In spite of the above-mentioned efforts, the equality of pressure at coexistence imposed by the very existence of an equation of state (EoS) for spherical ABP,17 has not been properly confirmed neither by experiments nor simulations.15,17–20 Several numerical studies have measured the pressure in ABP, but its interpretation has raised several conceptual problems. For instance, an abrupt pressure drop at the vicinity of MIPS has been reported and it has been argued that it constitutes a distinctive feature of this transition, hindering the analogy with equilibrium phase separation.19,20 A pressure loop generically appears in phase separating finite systems in equilibrium, an effect that can be redressed by the Maxwell construction. However, this construction is violated for ABP,17,22 so there is no direct way to understand the phase behaviour of the system from the simulated EoS. The phase diagram of ABP has been discussed in terms of binodal and spinodal-like curves.5,23 While the phase separation kinetics show the hallmarks of nucleation and spinodal decomposition,5,6,24,25 the connection with (static) quantities like the EoS remains unclear. Thus, the possibility to construct from the EoS a thermodynamic description of MIPS, bridging the gap between the phase diagram, the relaxation dynamics and the pressure, is still a matter of debate.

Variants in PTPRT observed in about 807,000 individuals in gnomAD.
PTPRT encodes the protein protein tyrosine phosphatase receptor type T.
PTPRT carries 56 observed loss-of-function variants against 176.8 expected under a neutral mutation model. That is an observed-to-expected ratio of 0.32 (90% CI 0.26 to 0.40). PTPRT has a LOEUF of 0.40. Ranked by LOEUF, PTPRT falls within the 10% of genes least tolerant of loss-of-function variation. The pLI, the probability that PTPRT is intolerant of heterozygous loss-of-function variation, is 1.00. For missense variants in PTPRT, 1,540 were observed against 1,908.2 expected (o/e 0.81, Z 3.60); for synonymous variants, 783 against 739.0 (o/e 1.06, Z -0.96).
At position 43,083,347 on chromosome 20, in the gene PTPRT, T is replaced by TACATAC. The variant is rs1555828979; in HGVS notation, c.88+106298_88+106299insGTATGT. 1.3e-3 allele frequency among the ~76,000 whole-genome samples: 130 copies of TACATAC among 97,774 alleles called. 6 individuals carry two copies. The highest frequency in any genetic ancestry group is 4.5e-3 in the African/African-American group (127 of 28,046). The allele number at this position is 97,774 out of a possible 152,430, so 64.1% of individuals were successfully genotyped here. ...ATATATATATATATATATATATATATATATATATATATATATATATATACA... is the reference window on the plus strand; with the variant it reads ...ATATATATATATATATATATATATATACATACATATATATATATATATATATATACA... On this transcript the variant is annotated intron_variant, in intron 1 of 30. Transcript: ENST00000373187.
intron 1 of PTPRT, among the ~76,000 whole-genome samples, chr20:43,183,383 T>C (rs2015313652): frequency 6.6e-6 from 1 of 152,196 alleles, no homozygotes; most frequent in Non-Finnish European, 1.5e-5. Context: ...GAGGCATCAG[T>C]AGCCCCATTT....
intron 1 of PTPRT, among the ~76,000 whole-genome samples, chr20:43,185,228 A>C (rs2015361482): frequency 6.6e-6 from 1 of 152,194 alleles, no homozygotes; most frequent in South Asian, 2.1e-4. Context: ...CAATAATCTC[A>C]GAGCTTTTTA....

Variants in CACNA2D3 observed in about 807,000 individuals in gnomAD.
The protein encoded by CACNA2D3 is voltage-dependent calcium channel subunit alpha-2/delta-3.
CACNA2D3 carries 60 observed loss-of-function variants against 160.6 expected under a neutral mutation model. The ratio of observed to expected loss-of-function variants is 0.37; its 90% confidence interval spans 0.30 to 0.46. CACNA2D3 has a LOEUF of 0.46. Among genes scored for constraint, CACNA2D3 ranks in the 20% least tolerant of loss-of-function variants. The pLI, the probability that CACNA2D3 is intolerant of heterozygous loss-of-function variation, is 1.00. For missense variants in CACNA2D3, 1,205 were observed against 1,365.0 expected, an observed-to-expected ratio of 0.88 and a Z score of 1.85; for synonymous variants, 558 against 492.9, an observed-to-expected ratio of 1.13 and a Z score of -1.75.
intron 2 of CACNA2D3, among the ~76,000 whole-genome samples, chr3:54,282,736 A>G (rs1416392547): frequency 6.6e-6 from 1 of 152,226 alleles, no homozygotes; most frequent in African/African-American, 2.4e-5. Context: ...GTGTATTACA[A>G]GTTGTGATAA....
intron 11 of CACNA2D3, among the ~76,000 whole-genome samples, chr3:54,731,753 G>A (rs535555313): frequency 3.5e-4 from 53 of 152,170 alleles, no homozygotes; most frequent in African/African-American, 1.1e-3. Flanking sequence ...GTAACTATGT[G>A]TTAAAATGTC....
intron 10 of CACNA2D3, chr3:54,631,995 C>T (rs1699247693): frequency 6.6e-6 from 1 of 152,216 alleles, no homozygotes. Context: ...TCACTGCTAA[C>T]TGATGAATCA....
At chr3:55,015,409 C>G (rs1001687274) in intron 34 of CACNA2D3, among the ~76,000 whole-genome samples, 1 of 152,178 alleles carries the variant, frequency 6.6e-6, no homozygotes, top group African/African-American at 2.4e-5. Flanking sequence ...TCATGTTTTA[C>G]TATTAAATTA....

In this work we clarify these issues, providing a full characterization of the phase behavior of spherical ABPs in terms of its EoS and show that MIPS is fully consistent with the first-order phase transition scenario. We bring out the existence of a metastability region: an hysteresis around the coexistence pressure is found as the system is quenched to the coexistence region from ‘below’ or ‘above’ MIPS. As we show, the pressure drop near MIPS disappears as the system is quenched from ‘above’, and we recover instead a flatter EoS between the binodals, showing the equality of pressure at coexistence and thus allowing to estimate the location of the low-density binodal from the extrapolation of the pressure measurements above the spinodal. We analyze both open and confined systems in order to establish the role played by the presence of a nucleation barrier in the pressure anomalies reported in previous numerical works, and the inherent difficulty of sampling the thermodynamic behaviour of the EoS of ABPs at coexistence. We find that the EoS of an open system quenched from ‘above’ approaches the behaviour of the system under confinement, showing that the difficulties in interpreting the pressure data are due to the presence of a large nucleation barrier that can be easily bypassed by including a nucleation core (a wall). Consistently, as we show, MIPS can be stabilized at much lower densities (between the binodal and spinodal line) than those reported to date, and the phase diagram can be understood from the EoS despite the absence of a Maxwell construction.